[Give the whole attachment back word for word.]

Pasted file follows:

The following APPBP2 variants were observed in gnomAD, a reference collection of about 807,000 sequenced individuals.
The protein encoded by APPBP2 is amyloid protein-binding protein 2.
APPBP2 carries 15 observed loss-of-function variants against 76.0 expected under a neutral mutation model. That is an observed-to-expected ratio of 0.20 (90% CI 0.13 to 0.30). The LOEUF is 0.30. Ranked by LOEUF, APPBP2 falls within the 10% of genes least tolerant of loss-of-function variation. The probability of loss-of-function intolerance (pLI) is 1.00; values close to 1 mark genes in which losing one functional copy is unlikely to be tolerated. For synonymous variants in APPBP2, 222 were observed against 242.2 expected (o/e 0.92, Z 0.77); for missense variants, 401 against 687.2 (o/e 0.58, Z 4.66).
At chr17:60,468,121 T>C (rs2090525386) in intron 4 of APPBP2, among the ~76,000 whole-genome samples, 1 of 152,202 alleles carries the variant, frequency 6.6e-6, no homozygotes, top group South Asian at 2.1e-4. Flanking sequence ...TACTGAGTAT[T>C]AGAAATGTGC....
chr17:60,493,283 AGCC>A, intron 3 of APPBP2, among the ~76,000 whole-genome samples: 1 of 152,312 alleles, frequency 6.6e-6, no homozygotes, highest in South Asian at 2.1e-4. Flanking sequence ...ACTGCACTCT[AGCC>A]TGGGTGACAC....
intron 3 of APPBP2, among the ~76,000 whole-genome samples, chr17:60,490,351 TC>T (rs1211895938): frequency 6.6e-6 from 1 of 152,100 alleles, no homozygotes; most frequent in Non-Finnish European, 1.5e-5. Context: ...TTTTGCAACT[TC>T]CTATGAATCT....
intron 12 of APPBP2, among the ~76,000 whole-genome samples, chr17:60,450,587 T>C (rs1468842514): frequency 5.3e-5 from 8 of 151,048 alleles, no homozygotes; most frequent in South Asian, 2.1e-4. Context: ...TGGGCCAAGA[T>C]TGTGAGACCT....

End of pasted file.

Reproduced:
The following APPBP2 variants were observed in gnomAD, a reference collection of about 807,000 sequenced individuals.
The protein encoded by APPBP2 is amyloid protein-binding protein 2.
APPBP2 carries 15 observed loss-of-function variants against 76.0 expected under a neutral mutation model. That is an observed-to-expected ratio of 0.20 (90% CI 0.13 to 0.30). The LOEUF is 0.30. Ranked by LOEUF, APPBP2 falls within the 10% of genes least tolerant of loss-of-function variation. The probability of loss-of-function intolerance (pLI) is 1.00; values close to 1 mark genes in which losing one functional copy is unlikely to be tolerated. For synonymous variants in APPBP2, 222 were observed against 242.2 expected (o/e 0.92, Z 0.77); for missense variants, 401 against 687.2 (o/e 0.58, Z 4.66).
At chr17:60,468,121 T>C (rs2090525386) in intron 4 of APPBP2, among the ~76,000 whole-genome samples, 1 of 152,202 alleles carries the variant, frequency 6.6e-6, no homozygotes, top group South Asian at 2.1e-4. Flanking sequence ...TACTGAGTAT[T>C]AGAAATGTGC....
chr17:60,493,283 AGCC>A, intron 3 of APPBP2, among the ~76,000 whole-genome samples: 1 of 152,312 alleles, frequency 6.6e-6, no homozygotes, highest in South Asian at 2.1e-4. Flanking sequence ...ACTGCACTCT[AGCC>A]TGGGTGACAC....
intron 3 of APPBP2, among the ~76,000 whole-genome samples, chr17:60,490,351 TC>T (rs1211895938): frequency 6.6e-6 from 1 of 152,100 alleles, no homozygotes; most frequent in Non-Finnish European, 1.5e-5. Context: ...TTTTGCAACT[TC>T]CTATGAATCT....
intron 12 of APPBP2, among the ~76,000 whole-genome samples, chr17:60,450,587 T>C (rs1468842514): frequency 5.3e-5 from 8 of 151,048 alleles, no homozygotes; most frequent in South Asian, 2.1e-4. Context: ...TGGGCCAAGA[T>C]TGTGAGACCT....